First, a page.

Ayla Reynolds’ mother, grandfather, and step-grandfather say their attorney believes there is not yet enough evidence to file suit against Ayla’s father, Justin DiPietro, claiming wrongful death.
Friday marks 5-years since Ayla went missing from her father’s home in Waterville, Maine. She was 21-months-old at the time and had been living there while her mother, Trista Reynolds, was in rehab for drug and alcohol addiction.
DiPietro’s mother, Phoebe DiPietro, owned the home but was not there the night Ayla disappeared. DiPietro’s sister, Elisha DiPietro and his girlfriend, Courtney Roberts were at the home. State police have said those three people know more about this case than they have told police.
In the basement and throughout the DiPietro’s home as well as in Justin’s vehicle, blood had been discovered by police. ‘More than a cup full of blood’, has been the terminology used to describe the amount.
Trista’s family believes that Justin DiPietro is to blame for Ayla’s death. (As does just about everyone else who has ever heard of this tragic case). Trista Reynolds’ stepfather, Jeff Hanson, said he heard from the family’s attorney Wednesday morning and the attorney stated that there was not enough evidence to prove a civil case against Justin DiPietro.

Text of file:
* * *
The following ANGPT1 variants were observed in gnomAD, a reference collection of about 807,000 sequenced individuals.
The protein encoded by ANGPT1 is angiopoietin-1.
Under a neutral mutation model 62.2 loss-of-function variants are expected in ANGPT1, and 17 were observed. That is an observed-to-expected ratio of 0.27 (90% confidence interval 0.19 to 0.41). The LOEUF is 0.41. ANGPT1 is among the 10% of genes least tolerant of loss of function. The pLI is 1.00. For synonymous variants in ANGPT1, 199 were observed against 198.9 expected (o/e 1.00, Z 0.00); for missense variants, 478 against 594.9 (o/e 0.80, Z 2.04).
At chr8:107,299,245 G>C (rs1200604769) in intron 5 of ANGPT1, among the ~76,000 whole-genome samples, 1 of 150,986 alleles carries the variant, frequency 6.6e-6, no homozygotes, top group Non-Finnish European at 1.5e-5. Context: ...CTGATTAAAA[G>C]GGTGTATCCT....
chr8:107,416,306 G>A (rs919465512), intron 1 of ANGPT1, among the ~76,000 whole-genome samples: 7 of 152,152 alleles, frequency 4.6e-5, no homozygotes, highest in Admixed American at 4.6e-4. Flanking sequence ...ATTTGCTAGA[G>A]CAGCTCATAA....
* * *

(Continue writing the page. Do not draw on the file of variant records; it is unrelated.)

Hanson said, “The biggest thing holding everyone back is witnesses, credible witnesses. There’s a lot of incredible witnesses. There’s a lot of blanks into what happened before Ayla went missing. So we want to ask anyone who was at the Dipietro’s home to come forward.”
Reynolds and Hanson said even people who may have visited the home three weeks before Ayla was reported missing could be helpful.
Trista does plan to take steps to obtain a legal declaration that the youngster died.
How three, rather uneducated individual’s were able to get away with losing a small child for five-years is beyond many. With the amount of people involved, law enforcement and small town antics…it is truly mind-blowing.
Here you can read the transcript of the 911 call made by Justin DiPietro the morning of December 17th, 2011, the day Ayla supposedly went ‘missing’. The call is broken down and analyzed by a professional profiler.
If anyone has any information regarding the disappearance of Ayla Reynolds, they are urged to contact the Waterville Police Department.
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